Spectral Classification: F4
Rating: Easy, Easy, Easy
Nothing difficult here — you’ll see them right away. As I said earlier, the Taurus bull could race between these almost seventh magnitude stars with no problem.
My first visual encounter with them was in the 50mm Zeiss/20mm TV Plössl (27x) combination, which is the ideal way to see them. I detected a very slight hint of some kind of color trying to escape this pair, but I wasn’t sure what it was. Haas saw “whitish gold” in her 60mm at 25x, so maybe it was a hint of yellow I saw trying to get loose.
As I mentioned, the low power view seems to works best here. Usually, too much magnification of a widely spaced pair of stars weakens their visual impact. But in this case …………. we’ll see that it reveals another quality lying dormant within the field of view.
As you’ll quickly recognize, the background stars in the field of view here are on the dim side, which is consistent with the general them of this triangular slice of Taurian sky. But if you look closely, the two main attractions of that field are surrounded by a very distinctive — and dim — cluster of five stars. The trick to teasing them away from their shy disposition is to add a little magnification and a bit of aperture. So I gave the 60mm f/13.3 a try, with the 15mm TV Plössl (53x) to tempt them out of hiding, and it did wonders for their appearance, as shown in this sketch:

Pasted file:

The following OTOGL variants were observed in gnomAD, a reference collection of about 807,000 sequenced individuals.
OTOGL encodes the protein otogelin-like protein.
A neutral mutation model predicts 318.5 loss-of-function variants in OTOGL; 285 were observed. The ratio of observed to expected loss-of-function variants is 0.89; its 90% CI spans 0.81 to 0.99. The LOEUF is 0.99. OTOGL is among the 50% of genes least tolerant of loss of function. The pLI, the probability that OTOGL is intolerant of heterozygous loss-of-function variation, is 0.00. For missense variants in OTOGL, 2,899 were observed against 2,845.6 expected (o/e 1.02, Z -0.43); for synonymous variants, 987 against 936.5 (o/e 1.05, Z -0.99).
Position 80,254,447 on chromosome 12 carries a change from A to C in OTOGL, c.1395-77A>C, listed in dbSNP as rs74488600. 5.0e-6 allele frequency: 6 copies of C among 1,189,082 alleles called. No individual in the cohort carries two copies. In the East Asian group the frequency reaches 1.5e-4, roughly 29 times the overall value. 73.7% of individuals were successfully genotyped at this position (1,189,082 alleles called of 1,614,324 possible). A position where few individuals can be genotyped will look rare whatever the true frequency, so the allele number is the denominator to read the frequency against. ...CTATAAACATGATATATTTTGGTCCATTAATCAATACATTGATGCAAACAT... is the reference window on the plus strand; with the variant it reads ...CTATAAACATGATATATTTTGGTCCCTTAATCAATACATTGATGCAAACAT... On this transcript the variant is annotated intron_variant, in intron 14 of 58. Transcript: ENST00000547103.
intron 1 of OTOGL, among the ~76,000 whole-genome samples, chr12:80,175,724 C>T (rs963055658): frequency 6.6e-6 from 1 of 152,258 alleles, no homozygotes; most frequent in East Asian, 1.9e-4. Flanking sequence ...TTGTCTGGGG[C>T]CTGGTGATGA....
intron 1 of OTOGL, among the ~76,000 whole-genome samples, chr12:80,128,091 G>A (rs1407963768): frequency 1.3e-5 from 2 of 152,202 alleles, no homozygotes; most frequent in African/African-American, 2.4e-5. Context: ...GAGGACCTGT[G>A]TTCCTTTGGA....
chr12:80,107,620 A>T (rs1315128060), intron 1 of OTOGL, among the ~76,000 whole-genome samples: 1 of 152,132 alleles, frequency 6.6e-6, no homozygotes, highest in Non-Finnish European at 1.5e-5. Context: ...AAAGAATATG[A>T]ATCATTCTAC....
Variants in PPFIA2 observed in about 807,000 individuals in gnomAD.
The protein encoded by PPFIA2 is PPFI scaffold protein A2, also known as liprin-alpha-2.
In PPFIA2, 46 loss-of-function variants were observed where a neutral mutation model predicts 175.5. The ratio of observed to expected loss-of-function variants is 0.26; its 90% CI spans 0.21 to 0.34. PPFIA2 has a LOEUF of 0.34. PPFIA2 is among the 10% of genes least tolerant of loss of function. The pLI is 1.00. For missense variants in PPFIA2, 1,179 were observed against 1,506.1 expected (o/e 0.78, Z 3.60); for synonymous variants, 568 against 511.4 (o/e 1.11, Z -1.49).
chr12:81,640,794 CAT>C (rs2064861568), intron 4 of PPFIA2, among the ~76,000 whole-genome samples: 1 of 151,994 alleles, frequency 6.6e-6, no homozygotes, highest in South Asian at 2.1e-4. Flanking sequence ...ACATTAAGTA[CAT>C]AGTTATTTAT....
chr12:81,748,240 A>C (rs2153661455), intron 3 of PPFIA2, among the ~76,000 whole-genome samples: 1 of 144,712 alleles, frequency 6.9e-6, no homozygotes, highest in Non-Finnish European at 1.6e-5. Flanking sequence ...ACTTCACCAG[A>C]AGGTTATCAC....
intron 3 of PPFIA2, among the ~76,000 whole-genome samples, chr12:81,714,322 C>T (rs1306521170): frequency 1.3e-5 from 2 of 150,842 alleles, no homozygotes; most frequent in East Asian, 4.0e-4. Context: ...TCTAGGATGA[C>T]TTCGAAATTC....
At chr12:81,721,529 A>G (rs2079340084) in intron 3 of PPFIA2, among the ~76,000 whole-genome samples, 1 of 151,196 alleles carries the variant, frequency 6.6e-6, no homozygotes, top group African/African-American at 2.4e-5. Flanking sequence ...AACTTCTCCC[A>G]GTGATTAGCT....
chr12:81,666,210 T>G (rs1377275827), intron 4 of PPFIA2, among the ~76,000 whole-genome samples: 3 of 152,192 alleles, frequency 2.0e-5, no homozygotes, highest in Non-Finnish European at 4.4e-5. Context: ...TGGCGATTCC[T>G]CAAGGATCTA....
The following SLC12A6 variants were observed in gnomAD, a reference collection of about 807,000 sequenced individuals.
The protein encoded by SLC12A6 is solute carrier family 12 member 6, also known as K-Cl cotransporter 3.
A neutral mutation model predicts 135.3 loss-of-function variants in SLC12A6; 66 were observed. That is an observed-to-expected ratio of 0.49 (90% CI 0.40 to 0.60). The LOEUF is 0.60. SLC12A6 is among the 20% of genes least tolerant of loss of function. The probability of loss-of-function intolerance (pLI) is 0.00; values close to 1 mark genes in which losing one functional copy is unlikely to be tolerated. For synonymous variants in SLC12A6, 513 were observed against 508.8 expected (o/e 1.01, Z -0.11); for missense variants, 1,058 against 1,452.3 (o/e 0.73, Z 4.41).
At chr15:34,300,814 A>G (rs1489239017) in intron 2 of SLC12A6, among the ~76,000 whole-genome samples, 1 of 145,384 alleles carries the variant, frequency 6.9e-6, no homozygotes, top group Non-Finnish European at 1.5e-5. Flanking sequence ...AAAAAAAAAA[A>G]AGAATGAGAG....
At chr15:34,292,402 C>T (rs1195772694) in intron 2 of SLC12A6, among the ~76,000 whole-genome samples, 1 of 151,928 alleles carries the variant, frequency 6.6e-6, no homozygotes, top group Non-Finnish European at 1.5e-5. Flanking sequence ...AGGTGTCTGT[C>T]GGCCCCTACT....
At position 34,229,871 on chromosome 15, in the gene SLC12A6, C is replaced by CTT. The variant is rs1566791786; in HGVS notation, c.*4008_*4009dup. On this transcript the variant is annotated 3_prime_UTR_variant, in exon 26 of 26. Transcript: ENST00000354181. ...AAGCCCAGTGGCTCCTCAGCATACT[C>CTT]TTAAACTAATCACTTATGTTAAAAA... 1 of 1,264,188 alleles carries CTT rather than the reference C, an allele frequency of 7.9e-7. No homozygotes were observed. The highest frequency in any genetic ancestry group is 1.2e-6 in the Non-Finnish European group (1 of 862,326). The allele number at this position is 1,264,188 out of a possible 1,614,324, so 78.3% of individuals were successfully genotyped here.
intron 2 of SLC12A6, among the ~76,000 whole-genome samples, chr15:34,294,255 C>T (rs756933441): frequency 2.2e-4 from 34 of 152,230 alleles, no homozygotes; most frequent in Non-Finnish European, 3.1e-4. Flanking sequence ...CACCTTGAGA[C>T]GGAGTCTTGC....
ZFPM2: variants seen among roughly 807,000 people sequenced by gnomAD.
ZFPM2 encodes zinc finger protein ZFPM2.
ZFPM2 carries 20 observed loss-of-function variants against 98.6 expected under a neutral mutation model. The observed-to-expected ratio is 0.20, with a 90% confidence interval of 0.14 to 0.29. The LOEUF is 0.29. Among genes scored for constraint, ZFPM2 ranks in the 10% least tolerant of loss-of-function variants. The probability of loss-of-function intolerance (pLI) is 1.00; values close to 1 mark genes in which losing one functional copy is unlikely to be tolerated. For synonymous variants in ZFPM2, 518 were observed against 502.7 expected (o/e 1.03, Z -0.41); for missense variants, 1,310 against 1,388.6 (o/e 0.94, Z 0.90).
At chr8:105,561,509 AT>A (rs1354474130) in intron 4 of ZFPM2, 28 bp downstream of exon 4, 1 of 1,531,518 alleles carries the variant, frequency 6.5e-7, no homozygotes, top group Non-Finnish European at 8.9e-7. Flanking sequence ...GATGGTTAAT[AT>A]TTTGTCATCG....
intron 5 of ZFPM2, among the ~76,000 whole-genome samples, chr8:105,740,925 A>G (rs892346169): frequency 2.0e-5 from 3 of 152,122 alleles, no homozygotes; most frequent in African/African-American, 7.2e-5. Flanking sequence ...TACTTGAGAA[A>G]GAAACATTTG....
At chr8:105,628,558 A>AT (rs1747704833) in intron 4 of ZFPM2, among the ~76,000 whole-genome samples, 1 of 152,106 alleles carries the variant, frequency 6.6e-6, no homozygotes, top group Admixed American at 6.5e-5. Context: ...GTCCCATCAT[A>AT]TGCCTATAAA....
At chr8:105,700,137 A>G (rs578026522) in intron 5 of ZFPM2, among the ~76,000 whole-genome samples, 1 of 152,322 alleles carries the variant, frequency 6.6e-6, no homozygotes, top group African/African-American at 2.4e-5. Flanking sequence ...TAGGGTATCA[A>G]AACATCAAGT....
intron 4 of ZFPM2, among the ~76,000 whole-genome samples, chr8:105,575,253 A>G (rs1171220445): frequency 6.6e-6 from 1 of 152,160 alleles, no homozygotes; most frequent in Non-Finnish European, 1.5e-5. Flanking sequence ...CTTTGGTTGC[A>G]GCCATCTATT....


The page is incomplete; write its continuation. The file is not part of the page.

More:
Now no doubt you could do even better with a larger aperture, but we’ve done just fine here with a 60mm scope.
This is one of the subtle aspects of double star gazing I was referring to at the beginning of this post. It’s no secret that two relatively dim, evenly matched, widely separated stars can be a bit boring. But the context — in this case, the surrounding field of view — can make all the difference in the world between boring and interesting. And the main thing with regard to the view we’re looking at right now is to recognize that it has the potential to get even better the second or third time you come back to it.